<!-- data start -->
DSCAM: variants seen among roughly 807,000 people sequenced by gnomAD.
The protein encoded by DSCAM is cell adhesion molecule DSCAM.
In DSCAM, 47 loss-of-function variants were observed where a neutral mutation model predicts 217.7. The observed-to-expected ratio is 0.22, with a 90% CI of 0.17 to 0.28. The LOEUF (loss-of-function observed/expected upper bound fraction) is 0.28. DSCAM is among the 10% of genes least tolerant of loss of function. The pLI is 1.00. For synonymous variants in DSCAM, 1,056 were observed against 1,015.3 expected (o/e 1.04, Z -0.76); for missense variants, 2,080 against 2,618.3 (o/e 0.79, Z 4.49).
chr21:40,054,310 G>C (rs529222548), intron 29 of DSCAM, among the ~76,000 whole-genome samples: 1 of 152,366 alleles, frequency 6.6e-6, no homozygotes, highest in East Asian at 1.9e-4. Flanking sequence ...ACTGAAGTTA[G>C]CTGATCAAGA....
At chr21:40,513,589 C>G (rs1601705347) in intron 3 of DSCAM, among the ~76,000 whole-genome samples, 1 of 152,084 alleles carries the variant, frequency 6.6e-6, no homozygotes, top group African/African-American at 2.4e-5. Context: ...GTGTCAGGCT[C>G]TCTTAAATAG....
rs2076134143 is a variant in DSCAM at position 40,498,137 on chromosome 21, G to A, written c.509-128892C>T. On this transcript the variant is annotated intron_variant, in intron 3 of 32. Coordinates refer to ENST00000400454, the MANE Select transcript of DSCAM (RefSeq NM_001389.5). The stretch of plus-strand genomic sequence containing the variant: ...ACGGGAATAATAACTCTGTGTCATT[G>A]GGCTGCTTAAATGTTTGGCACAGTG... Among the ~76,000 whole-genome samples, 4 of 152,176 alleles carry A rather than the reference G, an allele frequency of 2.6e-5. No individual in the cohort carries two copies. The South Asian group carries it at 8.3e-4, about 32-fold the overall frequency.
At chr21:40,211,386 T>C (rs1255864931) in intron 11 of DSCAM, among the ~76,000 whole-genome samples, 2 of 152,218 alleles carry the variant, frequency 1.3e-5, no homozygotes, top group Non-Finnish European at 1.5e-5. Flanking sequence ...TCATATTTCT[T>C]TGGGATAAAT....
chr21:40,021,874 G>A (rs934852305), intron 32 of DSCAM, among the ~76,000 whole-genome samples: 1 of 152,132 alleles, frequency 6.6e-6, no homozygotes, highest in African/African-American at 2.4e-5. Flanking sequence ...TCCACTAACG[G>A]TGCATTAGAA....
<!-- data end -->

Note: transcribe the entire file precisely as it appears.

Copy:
DSCAM: variants seen among roughly 807,000 people sequenced by gnomAD.
The protein encoded by DSCAM is cell adhesion molecule DSCAM.
In DSCAM, 47 loss-of-function variants were observed where a neutral mutation model predicts 217.7. The observed-to-expected ratio is 0.22, with a 90% CI of 0.17 to 0.28. The LOEUF (loss-of-function observed/expected upper bound fraction) is 0.28. DSCAM is among the 10% of genes least tolerant of loss of function. The pLI is 1.00. For synonymous variants in DSCAM, 1,056 were observed against 1,015.3 expected (o/e 1.04, Z -0.76); for missense variants, 2,080 against 2,618.3 (o/e 0.79, Z 4.49).
chr21:40,054,310 G>C (rs529222548), intron 29 of DSCAM, among the ~76,000 whole-genome samples: 1 of 152,366 alleles, frequency 6.6e-6, no homozygotes, highest in East Asian at 1.9e-4. Flanking sequence ...ACTGAAGTTA[G>C]CTGATCAAGA....
At chr21:40,513,589 C>G (rs1601705347) in intron 3 of DSCAM, among the ~76,000 whole-genome samples, 1 of 152,084 alleles carries the variant, frequency 6.6e-6, no homozygotes, top group African/African-American at 2.4e-5. Context: ...GTGTCAGGCT[C>G]TCTTAAATAG....
rs2076134143 is a variant in DSCAM at position 40,498,137 on chromosome 21, G to A, written c.509-128892C>T. On this transcript the variant is annotated intron_variant, in intron 3 of 32. Coordinates refer to ENST00000400454, the MANE Select transcript of DSCAM (RefSeq NM_001389.5). The stretch of plus-strand genomic sequence containing the variant: ...ACGGGAATAATAACTCTGTGTCATT[G>A]GGCTGCTTAAATGTTTGGCACAGTG... Among the ~76,000 whole-genome samples, 4 of 152,176 alleles carry A rather than the reference G, an allele frequency of 2.6e-5. No individual in the cohort carries two copies. The South Asian group carries it at 8.3e-4, about 32-fold the overall frequency.
At chr21:40,211,386 T>C (rs1255864931) in intron 11 of DSCAM, among the ~76,000 whole-genome samples, 2 of 152,218 alleles carry the variant, frequency 1.3e-5, no homozygotes, top group Non-Finnish European at 1.5e-5. Flanking sequence ...TCATATTTCT[T>C]TGGGATAAAT....
chr21:40,021,874 G>A (rs934852305), intron 32 of DSCAM, among the ~76,000 whole-genome samples: 1 of 152,132 alleles, frequency 6.6e-6, no homozygotes, highest in African/African-American at 2.4e-5. Flanking sequence ...TCCACTAACG[G>A]TGCATTAGAA....